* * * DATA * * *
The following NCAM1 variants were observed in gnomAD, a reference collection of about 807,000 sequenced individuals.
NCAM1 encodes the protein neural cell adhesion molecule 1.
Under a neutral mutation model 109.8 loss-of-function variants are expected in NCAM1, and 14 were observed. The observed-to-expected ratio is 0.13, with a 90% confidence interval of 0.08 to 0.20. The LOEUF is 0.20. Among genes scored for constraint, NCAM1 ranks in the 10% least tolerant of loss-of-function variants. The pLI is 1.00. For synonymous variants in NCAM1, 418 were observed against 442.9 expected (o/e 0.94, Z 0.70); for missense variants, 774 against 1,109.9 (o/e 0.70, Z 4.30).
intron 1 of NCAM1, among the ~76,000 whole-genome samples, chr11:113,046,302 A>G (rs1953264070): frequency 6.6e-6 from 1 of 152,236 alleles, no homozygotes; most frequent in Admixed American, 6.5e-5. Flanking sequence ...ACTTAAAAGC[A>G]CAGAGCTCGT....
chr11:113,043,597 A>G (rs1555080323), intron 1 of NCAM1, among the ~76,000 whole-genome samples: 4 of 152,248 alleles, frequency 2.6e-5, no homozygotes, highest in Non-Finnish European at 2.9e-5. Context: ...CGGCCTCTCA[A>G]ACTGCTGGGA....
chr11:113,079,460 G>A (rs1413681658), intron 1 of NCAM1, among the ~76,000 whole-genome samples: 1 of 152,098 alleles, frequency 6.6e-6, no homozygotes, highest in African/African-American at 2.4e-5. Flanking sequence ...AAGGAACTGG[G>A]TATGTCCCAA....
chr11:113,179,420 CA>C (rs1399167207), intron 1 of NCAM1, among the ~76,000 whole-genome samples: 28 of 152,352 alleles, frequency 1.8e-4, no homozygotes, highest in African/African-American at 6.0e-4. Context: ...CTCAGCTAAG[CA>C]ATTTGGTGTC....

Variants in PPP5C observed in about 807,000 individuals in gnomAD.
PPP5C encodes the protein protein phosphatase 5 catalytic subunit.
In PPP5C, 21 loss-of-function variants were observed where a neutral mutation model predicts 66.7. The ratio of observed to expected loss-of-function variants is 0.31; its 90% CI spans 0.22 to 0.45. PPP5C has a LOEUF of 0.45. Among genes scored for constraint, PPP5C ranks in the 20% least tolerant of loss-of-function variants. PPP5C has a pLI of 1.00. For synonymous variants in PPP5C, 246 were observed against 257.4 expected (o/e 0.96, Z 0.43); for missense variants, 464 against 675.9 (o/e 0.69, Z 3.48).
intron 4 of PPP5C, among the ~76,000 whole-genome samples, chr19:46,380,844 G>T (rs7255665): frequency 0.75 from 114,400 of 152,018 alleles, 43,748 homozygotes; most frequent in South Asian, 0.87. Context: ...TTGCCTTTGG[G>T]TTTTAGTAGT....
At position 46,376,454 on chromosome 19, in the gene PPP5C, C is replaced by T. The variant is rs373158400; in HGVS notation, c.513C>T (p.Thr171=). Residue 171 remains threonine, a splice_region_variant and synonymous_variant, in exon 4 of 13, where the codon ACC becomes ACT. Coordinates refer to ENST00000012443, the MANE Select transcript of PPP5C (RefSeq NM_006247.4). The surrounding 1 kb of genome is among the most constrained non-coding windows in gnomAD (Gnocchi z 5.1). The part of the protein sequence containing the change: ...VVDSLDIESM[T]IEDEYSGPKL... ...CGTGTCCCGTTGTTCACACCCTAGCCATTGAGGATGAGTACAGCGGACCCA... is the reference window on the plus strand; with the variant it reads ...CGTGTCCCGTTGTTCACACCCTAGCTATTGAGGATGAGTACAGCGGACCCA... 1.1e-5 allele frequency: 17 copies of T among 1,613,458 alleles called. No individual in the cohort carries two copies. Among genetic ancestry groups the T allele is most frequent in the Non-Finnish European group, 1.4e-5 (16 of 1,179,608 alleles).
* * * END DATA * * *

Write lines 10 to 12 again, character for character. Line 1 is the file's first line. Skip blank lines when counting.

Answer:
In PPP5C, 21 loss-of-function variants were observed where a neutral mutation model predicts 66.7. The ratio of observed to expected loss-of-function variants is 0.31; its 90% CI spans 0.22 to 0.45. PPP5C has a LOEUF of 0.45. Among genes scored for constraint, PPP5C ranks in the 20% least tolerant of loss-of-function variants. PPP5C has a pLI of 1.00. For synonymous variants in PPP5C, 246 were observed against 257.4 expected (o/e 0.96, Z 0.43); for missense variants, 464 against 675.9 (o/e 0.69, Z 3.48).
intron 4 of PPP5C, among the ~76,000 whole-genome samples, chr19:46,380,844 G>T (rs7255665): frequency 0.75 from 114,400 of 152,018 alleles, 43,748 homozygotes; most frequent in South Asian, 0.87. Context: ...TTGCCTTTGG[G>T]TTTTAGTAGT....
At position 46,376,454 on chromosome 19, in the gene PPP5C, C is replaced by T. The variant is rs373158400; in HGVS notation, c.513C>T (p.Thr171=). Residue 171 remains threonine, a splice_region_variant and synonymous_variant, in exon 4 of 13, where the codon ACC becomes ACT. Coordinates refer to ENST00000012443, the MANE Select transcript of PPP5C (RefSeq NM_006247.4). The surrounding 1 kb of genome is among the most constrained non-coding windows in gnomAD (Gnocchi z 5.1). The part of the protein sequence containing the change: ...VVDSLDIESM[T]IEDEYSGPKL... ...CGTGTCCCGTTGTTCACACCCTAGCCATTGAGGATGAGTACAGCGGACCCA... is the reference window on the plus strand; with the variant it reads ...CGTGTCCCGTTGTTCACACCCTAGCTATTGAGGATGAGTACAGCGGACCCA... 1.1e-5 allele frequency: 17 copies of T among 1,613,458 alleles called. No individual in the cohort carries two copies. Among genetic ancestry groups the T allele is most frequent in the Non-Finnish European group, 1.4e-5 (16 of 1,179,608 alleles).